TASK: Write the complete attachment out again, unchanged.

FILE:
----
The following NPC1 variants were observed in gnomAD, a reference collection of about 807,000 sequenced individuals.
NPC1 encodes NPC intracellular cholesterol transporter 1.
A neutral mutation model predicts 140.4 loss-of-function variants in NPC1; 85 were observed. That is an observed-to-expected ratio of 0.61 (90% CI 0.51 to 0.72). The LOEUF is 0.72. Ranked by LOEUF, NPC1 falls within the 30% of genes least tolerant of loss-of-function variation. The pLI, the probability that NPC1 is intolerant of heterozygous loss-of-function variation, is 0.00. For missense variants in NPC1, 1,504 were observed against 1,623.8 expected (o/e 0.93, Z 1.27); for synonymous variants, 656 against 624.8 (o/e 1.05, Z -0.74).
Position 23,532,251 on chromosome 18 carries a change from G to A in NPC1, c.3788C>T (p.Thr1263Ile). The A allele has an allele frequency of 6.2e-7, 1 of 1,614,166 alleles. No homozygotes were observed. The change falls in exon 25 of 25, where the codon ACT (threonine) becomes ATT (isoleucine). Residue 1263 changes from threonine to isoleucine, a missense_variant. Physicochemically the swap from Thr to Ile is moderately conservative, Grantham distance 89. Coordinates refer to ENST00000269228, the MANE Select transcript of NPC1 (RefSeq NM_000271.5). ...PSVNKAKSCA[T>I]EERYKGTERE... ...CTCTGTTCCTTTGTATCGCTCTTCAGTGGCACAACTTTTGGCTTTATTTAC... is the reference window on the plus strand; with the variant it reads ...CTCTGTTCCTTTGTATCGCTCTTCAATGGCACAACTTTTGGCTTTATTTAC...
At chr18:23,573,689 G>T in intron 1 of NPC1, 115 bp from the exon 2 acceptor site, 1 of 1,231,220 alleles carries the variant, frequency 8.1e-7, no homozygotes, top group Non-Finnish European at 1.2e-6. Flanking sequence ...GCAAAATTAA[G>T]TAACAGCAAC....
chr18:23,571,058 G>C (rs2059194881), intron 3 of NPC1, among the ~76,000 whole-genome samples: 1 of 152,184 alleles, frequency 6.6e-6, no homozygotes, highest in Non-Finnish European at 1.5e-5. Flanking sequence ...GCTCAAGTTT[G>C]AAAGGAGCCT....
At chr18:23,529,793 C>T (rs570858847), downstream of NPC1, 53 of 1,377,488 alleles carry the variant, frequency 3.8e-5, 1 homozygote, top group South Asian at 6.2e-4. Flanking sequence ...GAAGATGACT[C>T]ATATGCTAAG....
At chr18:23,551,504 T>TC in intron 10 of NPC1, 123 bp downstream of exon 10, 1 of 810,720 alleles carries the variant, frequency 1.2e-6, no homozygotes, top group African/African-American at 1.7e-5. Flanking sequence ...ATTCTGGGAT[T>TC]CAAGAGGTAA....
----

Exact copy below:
The following NPC1 variants were observed in gnomAD, a reference collection of about 807,000 sequenced individuals.
NPC1 encodes NPC intracellular cholesterol transporter 1.
A neutral mutation model predicts 140.4 loss-of-function variants in NPC1; 85 were observed. That is an observed-to-expected ratio of 0.61 (90% CI 0.51 to 0.72). The LOEUF is 0.72. Ranked by LOEUF, NPC1 falls within the 30% of genes least tolerant of loss-of-function variation. The pLI, the probability that NPC1 is intolerant of heterozygous loss-of-function variation, is 0.00. For missense variants in NPC1, 1,504 were observed against 1,623.8 expected (o/e 0.93, Z 1.27); for synonymous variants, 656 against 624.8 (o/e 1.05, Z -0.74).
Position 23,532,251 on chromosome 18 carries a change from G to A in NPC1, c.3788C>T (p.Thr1263Ile). The A allele has an allele frequency of 6.2e-7, 1 of 1,614,166 alleles. No homozygotes were observed. The change falls in exon 25 of 25, where the codon ACT (threonine) becomes ATT (isoleucine). Residue 1263 changes from threonine to isoleucine, a missense_variant. Physicochemically the swap from Thr to Ile is moderately conservative, Grantham distance 89. Coordinates refer to ENST00000269228, the MANE Select transcript of NPC1 (RefSeq NM_000271.5). ...PSVNKAKSCA[T>I]EERYKGTERE... ...CTCTGTTCCTTTGTATCGCTCTTCAGTGGCACAACTTTTGGCTTTATTTAC... is the reference window on the plus strand; with the variant it reads ...CTCTGTTCCTTTGTATCGCTCTTCAATGGCACAACTTTTGGCTTTATTTAC...
At chr18:23,573,689 G>T in intron 1 of NPC1, 115 bp from the exon 2 acceptor site, 1 of 1,231,220 alleles carries the variant, frequency 8.1e-7, no homozygotes, top group Non-Finnish European at 1.2e-6. Flanking sequence ...GCAAAATTAA[G>T]TAACAGCAAC....
chr18:23,571,058 G>C (rs2059194881), intron 3 of NPC1, among the ~76,000 whole-genome samples: 1 of 152,184 alleles, frequency 6.6e-6, no homozygotes, highest in Non-Finnish European at 1.5e-5. Flanking sequence ...GCTCAAGTTT[G>C]AAAGGAGCCT....
At chr18:23,529,793 C>T (rs570858847), downstream of NPC1, 53 of 1,377,488 alleles carry the variant, frequency 3.8e-5, 1 homozygote, top group South Asian at 6.2e-4. Flanking sequence ...GAAGATGACT[C>T]ATATGCTAAG....
At chr18:23,551,504 T>TC in intron 10 of NPC1, 123 bp downstream of exon 10, 1 of 810,720 alleles carries the variant, frequency 1.2e-6, no homozygotes, top group African/African-American at 1.7e-5. Flanking sequence ...ATTCTGGGAT[T>TC]CAAGAGGTAA....